Molly Uren | ALES Graduate Seminar

Date(s) - 20/04/2021
3:00 pm - 4:00 pm

A graduate exam seminar is a presentation of the student’s final research project for their degree.
This is an ALES MSc course-based seminar by Molly Uren. This seminar is open to the general public to attend.

Meeting ID: 974 3328 4463 Passcode: 471034

Project Topic: Detection of early cardiovascular disease in high-risk women with and without polycystic ovary syndrome

MSc with Dr. Donna Vine

Seminar Abstract:

Background: Polycystic Ovary Syndrome (PCOS), an endocrine-metabolic disorder that affects up to 20% of women. Diagnosis includes the presence of at least two of the following: elevated testosterone, oligo/anovulation, and polycystic ovaries. Women with PCOS are at increased risk of cardiovascular disease (CVD), including cardiac dysfunction, end-stage ischemic disease, and atherosclerosis. PCOS women have an increased incidence of cardiometabolic risk factors including metabolic syndrome; obesity, insulin resistance, atherogenic dyslipidaemia, and increased risk for Type-2 Diabetes. These risk factors and elevated testosterone levels are proposed to increase the risk of early subclinical atherosclerotic CVD (ACVD) and cardiac dysfunction in women with PCOS. Currently, there is a need to investigate early screening of CVD in high-risk women with and without PCOS to effectively assess, manage, and prevent long term morbidity and mortality from CVD.

Objective: This pilot study aims to provide evidence-based research that will aid assessment guidelines for early detection of dyslipidaemia, cardiac dysfunction and subclinical atherosclerosis in women with and without PCOS.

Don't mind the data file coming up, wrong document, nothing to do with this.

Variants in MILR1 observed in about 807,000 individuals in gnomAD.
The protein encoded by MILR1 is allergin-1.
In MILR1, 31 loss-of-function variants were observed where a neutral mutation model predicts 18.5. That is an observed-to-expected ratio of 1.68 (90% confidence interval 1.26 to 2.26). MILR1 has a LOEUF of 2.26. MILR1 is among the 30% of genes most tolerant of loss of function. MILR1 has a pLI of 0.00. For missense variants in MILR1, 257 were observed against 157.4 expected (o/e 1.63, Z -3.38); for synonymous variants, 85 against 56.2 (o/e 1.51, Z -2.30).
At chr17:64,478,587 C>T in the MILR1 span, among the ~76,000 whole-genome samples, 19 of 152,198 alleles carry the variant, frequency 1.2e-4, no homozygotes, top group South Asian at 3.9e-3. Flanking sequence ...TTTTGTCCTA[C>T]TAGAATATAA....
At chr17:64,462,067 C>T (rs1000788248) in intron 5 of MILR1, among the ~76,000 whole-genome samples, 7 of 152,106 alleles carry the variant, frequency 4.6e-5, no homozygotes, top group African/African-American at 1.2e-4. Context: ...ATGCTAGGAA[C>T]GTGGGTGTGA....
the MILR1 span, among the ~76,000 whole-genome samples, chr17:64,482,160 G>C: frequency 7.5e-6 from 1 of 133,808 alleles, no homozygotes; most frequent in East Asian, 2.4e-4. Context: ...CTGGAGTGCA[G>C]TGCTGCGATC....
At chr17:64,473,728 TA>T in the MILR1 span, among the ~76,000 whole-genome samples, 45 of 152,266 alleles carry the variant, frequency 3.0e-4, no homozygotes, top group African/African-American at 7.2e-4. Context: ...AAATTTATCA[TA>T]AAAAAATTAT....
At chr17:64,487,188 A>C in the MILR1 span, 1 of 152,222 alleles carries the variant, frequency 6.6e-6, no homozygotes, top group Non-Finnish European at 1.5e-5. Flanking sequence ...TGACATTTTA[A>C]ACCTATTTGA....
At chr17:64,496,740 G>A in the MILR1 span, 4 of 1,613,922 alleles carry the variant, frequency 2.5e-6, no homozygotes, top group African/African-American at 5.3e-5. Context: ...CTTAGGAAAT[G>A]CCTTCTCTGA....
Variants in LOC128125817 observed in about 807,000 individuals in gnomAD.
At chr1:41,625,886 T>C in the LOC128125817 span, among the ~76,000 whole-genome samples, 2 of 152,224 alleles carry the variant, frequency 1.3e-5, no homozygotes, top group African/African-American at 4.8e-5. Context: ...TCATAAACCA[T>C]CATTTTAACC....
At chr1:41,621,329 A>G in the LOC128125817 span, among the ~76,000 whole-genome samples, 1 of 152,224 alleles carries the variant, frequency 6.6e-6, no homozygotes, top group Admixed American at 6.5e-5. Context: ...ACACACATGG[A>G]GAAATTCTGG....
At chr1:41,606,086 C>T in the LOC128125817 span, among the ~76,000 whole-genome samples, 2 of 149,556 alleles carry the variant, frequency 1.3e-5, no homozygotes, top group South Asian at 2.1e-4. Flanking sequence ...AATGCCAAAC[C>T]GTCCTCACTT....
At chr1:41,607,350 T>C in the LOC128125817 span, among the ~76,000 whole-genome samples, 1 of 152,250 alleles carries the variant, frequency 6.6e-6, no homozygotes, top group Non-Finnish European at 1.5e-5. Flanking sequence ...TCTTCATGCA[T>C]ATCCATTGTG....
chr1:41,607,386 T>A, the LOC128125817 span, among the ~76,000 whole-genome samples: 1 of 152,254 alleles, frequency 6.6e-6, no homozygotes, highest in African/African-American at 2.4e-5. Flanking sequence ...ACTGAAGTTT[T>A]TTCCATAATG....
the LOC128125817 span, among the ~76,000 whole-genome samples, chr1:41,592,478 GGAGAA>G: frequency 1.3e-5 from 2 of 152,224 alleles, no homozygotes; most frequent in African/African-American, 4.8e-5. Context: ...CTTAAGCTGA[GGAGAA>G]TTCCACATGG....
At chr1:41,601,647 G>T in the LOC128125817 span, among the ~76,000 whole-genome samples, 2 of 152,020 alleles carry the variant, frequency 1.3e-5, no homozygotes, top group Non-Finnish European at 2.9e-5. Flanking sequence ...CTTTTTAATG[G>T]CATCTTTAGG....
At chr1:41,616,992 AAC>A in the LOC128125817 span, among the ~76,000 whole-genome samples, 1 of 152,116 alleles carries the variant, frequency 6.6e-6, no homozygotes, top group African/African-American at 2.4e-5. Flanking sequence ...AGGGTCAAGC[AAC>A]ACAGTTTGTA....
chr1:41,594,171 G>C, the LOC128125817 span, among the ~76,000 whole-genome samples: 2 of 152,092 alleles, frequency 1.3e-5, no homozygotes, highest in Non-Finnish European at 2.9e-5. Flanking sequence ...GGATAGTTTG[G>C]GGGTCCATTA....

Design, Setting, participants: A case-control pilot study in high cardiometabolic risk women with and without PCOS matched for age and body mass index. Participants aged 25 to 45 years are recruited from Edmonton and the greater area in Alberta, Canada.

Main outcome measures: ACVD is measured using carotid intima-media thickness (cIMT) and cardiac function using ultrasound and 2D/3D echocardiography. Plasma insulin, glucose apolipoprotein (apo)-B lipoproteins, triglycerides (TGs), LDL-cholesterol (C), HDL-C, and non-HDL-C are measured in the fasted state. Anthropometry and body composition are measured using BOD POD and dietary intake is assessed using 24-hour recall questionnaire. Results: Preliminary data (n= 14 PCOS, and n=2 control) shows PCOS women have decreased Left ventricular (LV) ejection fraction (EF) (59.86±2.48) compared to controls (64±1.41), indicating early systolic dysfunction. Those with PCOS tend to have increased LV mass (24.4%), cIMT (19.9%), and impaired LV Global Longitudinal Strain (GLS) (1.4%) compared to those without PCOS. No significant difference in fasting plasma lipids and apoB- lipoproteins are observed in those with and without PCOS. Insulin is higher in PCOS women (113±60.28pmol/l) compared to controls (47.5±30.41).

Conclusion: Our preliminary data shows no significant differences in fasting atherogenic dyslipidaemia in high-risk control and PCOS groups.  Preliminary data suggests women with PCOS have early impairment in systolic and global LV function compared to controls. The expected outcomes of this study are to provide data on early CVD; atherogenic dyslipidaemia, ACVD, and cardiac function in women with and without PCOS. This data can then be used for guidelines in early CVD assessment in high-risk women. A larger and longer-term trial is needed to determine the relationship between atherogenic dyslipidaemia, early markers of CVD, and long-term morbidity and mortality in high-risk women with and without PCOS.